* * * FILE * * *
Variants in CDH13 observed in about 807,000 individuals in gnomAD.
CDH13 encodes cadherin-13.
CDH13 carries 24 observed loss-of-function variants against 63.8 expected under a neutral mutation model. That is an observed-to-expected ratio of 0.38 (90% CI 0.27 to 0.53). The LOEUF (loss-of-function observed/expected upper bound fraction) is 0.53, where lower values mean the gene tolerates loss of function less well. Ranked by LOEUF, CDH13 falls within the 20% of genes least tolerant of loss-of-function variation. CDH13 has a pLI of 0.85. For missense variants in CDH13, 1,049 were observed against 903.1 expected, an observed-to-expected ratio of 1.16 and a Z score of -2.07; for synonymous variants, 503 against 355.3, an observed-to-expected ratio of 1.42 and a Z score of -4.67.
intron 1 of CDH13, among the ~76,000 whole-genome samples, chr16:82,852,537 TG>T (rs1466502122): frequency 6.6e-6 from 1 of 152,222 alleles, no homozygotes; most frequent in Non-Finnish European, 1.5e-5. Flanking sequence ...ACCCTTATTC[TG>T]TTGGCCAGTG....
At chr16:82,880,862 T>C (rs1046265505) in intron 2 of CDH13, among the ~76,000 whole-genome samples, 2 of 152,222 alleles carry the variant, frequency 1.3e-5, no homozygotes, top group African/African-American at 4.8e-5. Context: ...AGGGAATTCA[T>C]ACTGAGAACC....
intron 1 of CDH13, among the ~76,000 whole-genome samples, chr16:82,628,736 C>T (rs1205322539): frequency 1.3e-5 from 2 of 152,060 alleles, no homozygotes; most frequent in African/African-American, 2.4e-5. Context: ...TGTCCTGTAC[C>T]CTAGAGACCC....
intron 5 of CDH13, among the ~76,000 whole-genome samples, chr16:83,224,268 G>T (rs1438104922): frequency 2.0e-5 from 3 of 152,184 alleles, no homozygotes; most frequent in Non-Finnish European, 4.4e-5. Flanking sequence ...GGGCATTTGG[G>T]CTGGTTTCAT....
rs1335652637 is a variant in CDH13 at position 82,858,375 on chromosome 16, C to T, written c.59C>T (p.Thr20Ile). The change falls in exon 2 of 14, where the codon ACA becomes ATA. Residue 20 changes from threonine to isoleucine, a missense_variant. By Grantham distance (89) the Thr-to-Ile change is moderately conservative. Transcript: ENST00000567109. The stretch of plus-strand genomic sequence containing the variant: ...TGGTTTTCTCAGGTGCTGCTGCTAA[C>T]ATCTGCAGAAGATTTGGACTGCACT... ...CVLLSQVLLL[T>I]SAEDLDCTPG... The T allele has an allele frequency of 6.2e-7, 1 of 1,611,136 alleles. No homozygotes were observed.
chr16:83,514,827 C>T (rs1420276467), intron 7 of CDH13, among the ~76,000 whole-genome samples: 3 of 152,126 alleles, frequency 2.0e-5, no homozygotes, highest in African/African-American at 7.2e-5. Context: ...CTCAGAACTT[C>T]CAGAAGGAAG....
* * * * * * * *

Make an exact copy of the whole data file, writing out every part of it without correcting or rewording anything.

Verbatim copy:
Variants in CDH13 observed in about 807,000 individuals in gnomAD.
CDH13 encodes cadherin-13.
CDH13 carries 24 observed loss-of-function variants against 63.8 expected under a neutral mutation model. That is an observed-to-expected ratio of 0.38 (90% CI 0.27 to 0.53). The LOEUF (loss-of-function observed/expected upper bound fraction) is 0.53, where lower values mean the gene tolerates loss of function less well. Ranked by LOEUF, CDH13 falls within the 20% of genes least tolerant of loss-of-function variation. CDH13 has a pLI of 0.85. For missense variants in CDH13, 1,049 were observed against 903.1 expected, an observed-to-expected ratio of 1.16 and a Z score of -2.07; for synonymous variants, 503 against 355.3, an observed-to-expected ratio of 1.42 and a Z score of -4.67.
intron 1 of CDH13, among the ~76,000 whole-genome samples, chr16:82,852,537 TG>T (rs1466502122): frequency 6.6e-6 from 1 of 152,222 alleles, no homozygotes; most frequent in Non-Finnish European, 1.5e-5. Flanking sequence ...ACCCTTATTC[TG>T]TTGGCCAGTG....
At chr16:82,880,862 T>C (rs1046265505) in intron 2 of CDH13, among the ~76,000 whole-genome samples, 2 of 152,222 alleles carry the variant, frequency 1.3e-5, no homozygotes, top group African/African-American at 4.8e-5. Context: ...AGGGAATTCA[T>C]ACTGAGAACC....
intron 1 of CDH13, among the ~76,000 whole-genome samples, chr16:82,628,736 C>T (rs1205322539): frequency 1.3e-5 from 2 of 152,060 alleles, no homozygotes; most frequent in African/African-American, 2.4e-5. Context: ...TGTCCTGTAC[C>T]CTAGAGACCC....
intron 5 of CDH13, among the ~76,000 whole-genome samples, chr16:83,224,268 G>T (rs1438104922): frequency 2.0e-5 from 3 of 152,184 alleles, no homozygotes; most frequent in Non-Finnish European, 4.4e-5. Flanking sequence ...GGGCATTTGG[G>T]CTGGTTTCAT....
rs1335652637 is a variant in CDH13 at position 82,858,375 on chromosome 16, C to T, written c.59C>T (p.Thr20Ile). The change falls in exon 2 of 14, where the codon ACA becomes ATA. Residue 20 changes from threonine to isoleucine, a missense_variant. By Grantham distance (89) the Thr-to-Ile change is moderately conservative. Transcript: ENST00000567109. The stretch of plus-strand genomic sequence containing the variant: ...TGGTTTTCTCAGGTGCTGCTGCTAA[C>T]ATCTGCAGAAGATTTGGACTGCACT... ...CVLLSQVLLL[T>I]SAEDLDCTPG... The T allele has an allele frequency of 6.2e-7, 1 of 1,611,136 alleles. No homozygotes were observed.
chr16:83,514,827 C>T (rs1420276467), intron 7 of CDH13, among the ~76,000 whole-genome samples: 3 of 152,126 alleles, frequency 2.0e-5, no homozygotes, highest in African/African-American at 7.2e-5. Context: ...CTCAGAACTT[C>T]CAGAAGGAAG....